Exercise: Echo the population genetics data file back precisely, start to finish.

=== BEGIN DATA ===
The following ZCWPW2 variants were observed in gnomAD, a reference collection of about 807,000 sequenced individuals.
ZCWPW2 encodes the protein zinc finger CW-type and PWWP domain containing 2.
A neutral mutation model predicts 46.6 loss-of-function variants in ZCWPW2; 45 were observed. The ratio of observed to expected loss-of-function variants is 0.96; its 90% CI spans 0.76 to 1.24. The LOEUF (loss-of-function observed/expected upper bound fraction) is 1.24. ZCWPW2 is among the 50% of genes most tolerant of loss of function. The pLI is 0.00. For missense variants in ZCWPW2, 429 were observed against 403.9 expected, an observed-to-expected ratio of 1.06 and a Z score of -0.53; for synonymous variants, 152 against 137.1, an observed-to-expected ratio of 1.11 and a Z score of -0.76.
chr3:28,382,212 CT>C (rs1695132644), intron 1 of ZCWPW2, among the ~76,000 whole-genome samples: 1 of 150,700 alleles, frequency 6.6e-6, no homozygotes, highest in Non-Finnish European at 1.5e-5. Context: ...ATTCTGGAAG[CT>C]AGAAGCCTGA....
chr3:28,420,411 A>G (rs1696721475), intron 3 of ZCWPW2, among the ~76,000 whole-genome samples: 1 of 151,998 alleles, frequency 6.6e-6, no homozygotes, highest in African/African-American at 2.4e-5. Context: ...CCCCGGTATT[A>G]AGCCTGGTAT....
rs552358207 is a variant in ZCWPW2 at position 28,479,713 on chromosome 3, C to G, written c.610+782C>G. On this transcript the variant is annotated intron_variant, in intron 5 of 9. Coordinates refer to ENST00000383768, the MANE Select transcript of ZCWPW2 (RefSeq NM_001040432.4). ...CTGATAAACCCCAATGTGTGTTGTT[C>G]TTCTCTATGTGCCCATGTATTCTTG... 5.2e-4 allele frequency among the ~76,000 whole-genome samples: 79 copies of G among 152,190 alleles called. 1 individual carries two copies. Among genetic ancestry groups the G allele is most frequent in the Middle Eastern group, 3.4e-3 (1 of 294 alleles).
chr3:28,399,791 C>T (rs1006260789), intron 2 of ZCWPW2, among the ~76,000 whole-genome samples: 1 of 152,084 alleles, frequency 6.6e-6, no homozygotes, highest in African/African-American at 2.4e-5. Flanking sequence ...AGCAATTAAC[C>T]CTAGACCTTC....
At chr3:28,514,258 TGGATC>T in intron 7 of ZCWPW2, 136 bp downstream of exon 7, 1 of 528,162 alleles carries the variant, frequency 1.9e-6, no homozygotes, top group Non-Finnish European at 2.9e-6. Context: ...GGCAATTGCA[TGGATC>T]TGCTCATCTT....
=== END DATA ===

The following ZCWPW2 variants were observed in gnomAD, a reference collection of about 807,000 sequenced individuals.
ZCWPW2 encodes the protein zinc finger CW-type and PWWP domain containing 2.
A neutral mutation model predicts 46.6 loss-of-function variants in ZCWPW2; 45 were observed. The ratio of observed to expected loss-of-function variants is 0.96; its 90% CI spans 0.76 to 1.24. The LOEUF (loss-of-function observed/expected upper bound fraction) is 1.24. ZCWPW2 is among the 50% of genes most tolerant of loss of function. The pLI is 0.00. For missense variants in ZCWPW2, 429 were observed against 403.9 expected, an observed-to-expected ratio of 1.06 and a Z score of -0.53; for synonymous variants, 152 against 137.1, an observed-to-expected ratio of 1.11 and a Z score of -0.76.
chr3:28,382,212 CT>C (rs1695132644), intron 1 of ZCWPW2, among the ~76,000 whole-genome samples: 1 of 150,700 alleles, frequency 6.6e-6, no homozygotes, highest in Non-Finnish European at 1.5e-5. Context: ...ATTCTGGAAG[CT>C]AGAAGCCTGA....
chr3:28,420,411 A>G (rs1696721475), intron 3 of ZCWPW2, among the ~76,000 whole-genome samples: 1 of 151,998 alleles, frequency 6.6e-6, no homozygotes, highest in African/African-American at 2.4e-5. Context: ...CCCCGGTATT[A>G]AGCCTGGTAT....
rs552358207 is a variant in ZCWPW2 at position 28,479,713 on chromosome 3, C to G, written c.610+782C>G. On this transcript the variant is annotated intron_variant, in intron 5 of 9. Coordinates refer to ENST00000383768, the MANE Select transcript of ZCWPW2 (RefSeq NM_001040432.4). ...CTGATAAACCCCAATGTGTGTTGTT[C>G]TTCTCTATGTGCCCATGTATTCTTG... 5.2e-4 allele frequency among the ~76,000 whole-genome samples: 79 copies of G among 152,190 alleles called. 1 individual carries two copies. Among genetic ancestry groups the G allele is most frequent in the Middle Eastern group, 3.4e-3 (1 of 294 alleles).
chr3:28,399,791 C>T (rs1006260789), intron 2 of ZCWPW2, among the ~76,000 whole-genome samples: 1 of 152,084 alleles, frequency 6.6e-6, no homozygotes, highest in African/African-American at 2.4e-5. Flanking sequence ...AGCAATTAAC[C>T]CTAGACCTTC....
At chr3:28,514,258 TGGATC>T in intron 7 of ZCWPW2, 136 bp downstream of exon 7, 1 of 528,162 alleles carries the variant, frequency 1.9e-6, no homozygotes, top group Non-Finnish European at 2.9e-6. Context: ...GGCAATTGCA[TGGATC>T]TGCTCATCTT....